I've always hated when people identify winners after the first day of an NFL draft; so clearly I'm going to have some self-loathing issues tonight. Still, I can't help myself. I was that impressed with Cowboys owner Jerry Jones and his ability to think independently.
One of the dangers of having a commissioner who wields a mighty hammer when it comes to personal conduct is that teams sometimes act as if immaturity is a crime. Case in point: Oklahoma State wideout Dez Bryant.
He was widely regarded as the best player at his position, a 6-foot-2, 225-pound blend of size, athleticism and playmaking skills. But instead of going in the top 10, where someone of his talent normally is selected, Bryant plummeted to 24, where Jones traded up three spots to get him. The reason for his fall? Character concerns.
I could understand if Bryant had killed someone while driving drunk, or allegedly assaulted a woman in a bar bathroom, or failed a drug test, or tested positive for performance-enhancing drugs. But his public rap sheet consists of lying to the NCAA about his relationship with former NFL great Deion Sanders, which resulted in him being suspended for all but three games last season; forgetting a pair of his cleats for his pro day workout; and being habitually late.
"Nothing bad," one scout said Thursday night.
This is not an attempt to paint Bryant as an angel and say he will never have a misstep. But for someone of his immense talents to fall for what amounts to immaturity is ridiculous. But maybe that's what it has come to in this age of the personal conduct policy, under which commissioner Roger Goodell wields a Thor-like hammer. The definition of "character risk" seemingly becomes broader each year or with each bad headline.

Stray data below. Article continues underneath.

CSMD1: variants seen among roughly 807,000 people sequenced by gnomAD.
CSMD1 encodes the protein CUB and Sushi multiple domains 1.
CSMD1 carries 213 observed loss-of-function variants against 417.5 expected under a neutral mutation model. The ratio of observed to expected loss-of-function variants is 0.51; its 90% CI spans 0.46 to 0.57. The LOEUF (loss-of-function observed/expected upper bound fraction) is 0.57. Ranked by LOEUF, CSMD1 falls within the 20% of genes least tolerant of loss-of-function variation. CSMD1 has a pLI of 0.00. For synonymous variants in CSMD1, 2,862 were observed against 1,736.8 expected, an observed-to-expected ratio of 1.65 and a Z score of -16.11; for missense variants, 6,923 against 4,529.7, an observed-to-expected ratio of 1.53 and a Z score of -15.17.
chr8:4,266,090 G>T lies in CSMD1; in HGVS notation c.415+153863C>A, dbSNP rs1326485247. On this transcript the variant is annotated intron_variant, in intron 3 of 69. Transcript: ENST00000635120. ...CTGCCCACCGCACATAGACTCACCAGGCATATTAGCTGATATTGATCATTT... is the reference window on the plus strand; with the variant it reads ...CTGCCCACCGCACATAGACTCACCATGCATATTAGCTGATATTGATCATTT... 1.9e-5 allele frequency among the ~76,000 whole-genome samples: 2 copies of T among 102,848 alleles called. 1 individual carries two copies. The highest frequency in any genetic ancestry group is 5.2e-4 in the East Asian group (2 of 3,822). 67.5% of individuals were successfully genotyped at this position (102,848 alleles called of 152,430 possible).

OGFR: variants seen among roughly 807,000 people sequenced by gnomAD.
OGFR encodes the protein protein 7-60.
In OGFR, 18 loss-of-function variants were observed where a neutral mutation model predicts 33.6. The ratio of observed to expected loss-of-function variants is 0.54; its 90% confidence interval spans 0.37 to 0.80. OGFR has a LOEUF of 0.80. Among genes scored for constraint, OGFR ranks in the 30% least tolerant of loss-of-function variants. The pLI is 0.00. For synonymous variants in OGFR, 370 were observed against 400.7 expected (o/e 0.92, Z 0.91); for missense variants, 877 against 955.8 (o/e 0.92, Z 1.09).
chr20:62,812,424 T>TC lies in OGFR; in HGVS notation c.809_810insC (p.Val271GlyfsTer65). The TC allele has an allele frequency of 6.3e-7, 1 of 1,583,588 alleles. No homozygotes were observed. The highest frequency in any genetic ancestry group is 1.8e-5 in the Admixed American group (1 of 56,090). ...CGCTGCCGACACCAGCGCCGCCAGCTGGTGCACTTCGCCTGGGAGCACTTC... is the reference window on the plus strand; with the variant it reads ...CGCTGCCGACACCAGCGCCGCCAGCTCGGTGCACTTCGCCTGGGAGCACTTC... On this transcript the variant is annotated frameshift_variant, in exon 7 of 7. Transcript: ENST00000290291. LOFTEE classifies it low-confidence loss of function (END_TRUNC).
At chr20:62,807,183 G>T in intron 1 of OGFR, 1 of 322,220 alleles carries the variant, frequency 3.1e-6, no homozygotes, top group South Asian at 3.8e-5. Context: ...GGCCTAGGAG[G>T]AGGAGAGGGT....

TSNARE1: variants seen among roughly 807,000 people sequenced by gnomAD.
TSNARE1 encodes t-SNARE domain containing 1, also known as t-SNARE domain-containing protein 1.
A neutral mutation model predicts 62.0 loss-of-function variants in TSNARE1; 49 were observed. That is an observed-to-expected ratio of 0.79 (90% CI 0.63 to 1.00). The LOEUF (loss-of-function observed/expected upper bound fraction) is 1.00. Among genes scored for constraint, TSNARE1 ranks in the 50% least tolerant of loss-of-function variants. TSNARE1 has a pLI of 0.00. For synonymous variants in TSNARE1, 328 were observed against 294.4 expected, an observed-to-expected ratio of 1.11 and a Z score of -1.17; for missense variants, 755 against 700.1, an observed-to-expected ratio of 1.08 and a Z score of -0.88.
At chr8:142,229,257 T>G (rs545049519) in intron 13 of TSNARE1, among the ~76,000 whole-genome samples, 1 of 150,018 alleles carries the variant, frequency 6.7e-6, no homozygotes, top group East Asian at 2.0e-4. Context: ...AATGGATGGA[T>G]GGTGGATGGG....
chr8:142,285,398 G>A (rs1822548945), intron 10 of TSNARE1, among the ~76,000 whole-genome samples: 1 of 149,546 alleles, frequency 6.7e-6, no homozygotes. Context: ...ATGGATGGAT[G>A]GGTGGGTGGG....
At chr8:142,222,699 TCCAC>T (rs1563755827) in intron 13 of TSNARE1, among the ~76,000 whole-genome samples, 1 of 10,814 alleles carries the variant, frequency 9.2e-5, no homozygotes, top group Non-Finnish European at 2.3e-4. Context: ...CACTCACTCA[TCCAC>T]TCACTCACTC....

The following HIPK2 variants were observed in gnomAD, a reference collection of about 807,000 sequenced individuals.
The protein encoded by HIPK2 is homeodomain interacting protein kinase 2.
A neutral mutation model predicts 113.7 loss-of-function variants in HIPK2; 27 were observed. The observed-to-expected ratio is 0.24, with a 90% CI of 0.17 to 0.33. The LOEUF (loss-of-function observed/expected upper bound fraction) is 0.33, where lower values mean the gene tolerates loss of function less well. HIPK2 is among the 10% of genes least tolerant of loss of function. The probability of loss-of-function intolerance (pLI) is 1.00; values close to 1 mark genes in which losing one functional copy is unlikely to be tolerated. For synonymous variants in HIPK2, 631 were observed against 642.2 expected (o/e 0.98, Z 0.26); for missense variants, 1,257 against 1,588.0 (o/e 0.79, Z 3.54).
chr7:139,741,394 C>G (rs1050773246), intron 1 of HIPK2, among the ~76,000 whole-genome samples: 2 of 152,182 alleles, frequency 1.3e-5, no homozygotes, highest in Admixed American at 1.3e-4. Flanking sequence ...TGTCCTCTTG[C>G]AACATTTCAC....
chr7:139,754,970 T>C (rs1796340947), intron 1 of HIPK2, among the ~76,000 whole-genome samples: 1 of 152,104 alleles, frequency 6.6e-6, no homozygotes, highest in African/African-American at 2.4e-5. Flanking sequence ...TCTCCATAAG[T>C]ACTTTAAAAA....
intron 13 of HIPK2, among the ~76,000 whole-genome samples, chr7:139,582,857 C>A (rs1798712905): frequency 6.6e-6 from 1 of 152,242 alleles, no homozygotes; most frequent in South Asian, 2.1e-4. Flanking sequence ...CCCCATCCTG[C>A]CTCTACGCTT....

I remember having a conversation with respected sociologist Harry Edwards about this a few years ago. He recognized the need for personal responsibility but also cautioned that if you removed every player who had issues from the first round of the draft, the player pool would be comprised of Father Flanagans. Or should we now say Tim Tebows?
No doubt, Bryant has some issues. Several scouts talked privately about his "shaky" support system at home, his anger issues as a child and his habitual tardiness. But the fact remains that there is nothing criminal or bad-natured in his background -- at least nothing that has been served up for public consumption. Clearly, Jones did not see a "character risk" when he made the trade.
Jones saw a young man (21) who still has a lot of growing to do and a wide receiver who, in his last full season, had 87 receptions for 1,480 yards and 19 touchdowns. Perhaps Jones recognized the tremendous value of getting a top-10 player at No. 24, or maybe he thought back to 1998, when he passed on immensely talented wideout Randy Moss because Moss was dogged by character concerns that included a battery conviction and failed drug test. Jones, who needed a receiver, opted to take defensive end Greg Ellis; Moss fell to the Vikings at No. 21.
When the teams met later that year, Moss got his payback by burning the Cowboys for three touchdowns. I don't think Jones has forgotten that. What else to make of his decision to ignore more pressing areas of need to take a wideout, particularly when he has a lot of money already invested in receivers Roy Williams and, shortly, Miles Austin. But Bryant was too talented to pass on, again, particularly when considering he has never had criminal or legal issues.
"He will need multiple babysitters," says the scout. "But he's as talented as any."
Which is why the Cowboys get the highest marks on Day 1 of this year's draft. Jones will provide the support system for Bryant, and Bryant will provide the playmaking that will make other teams regret passing on him.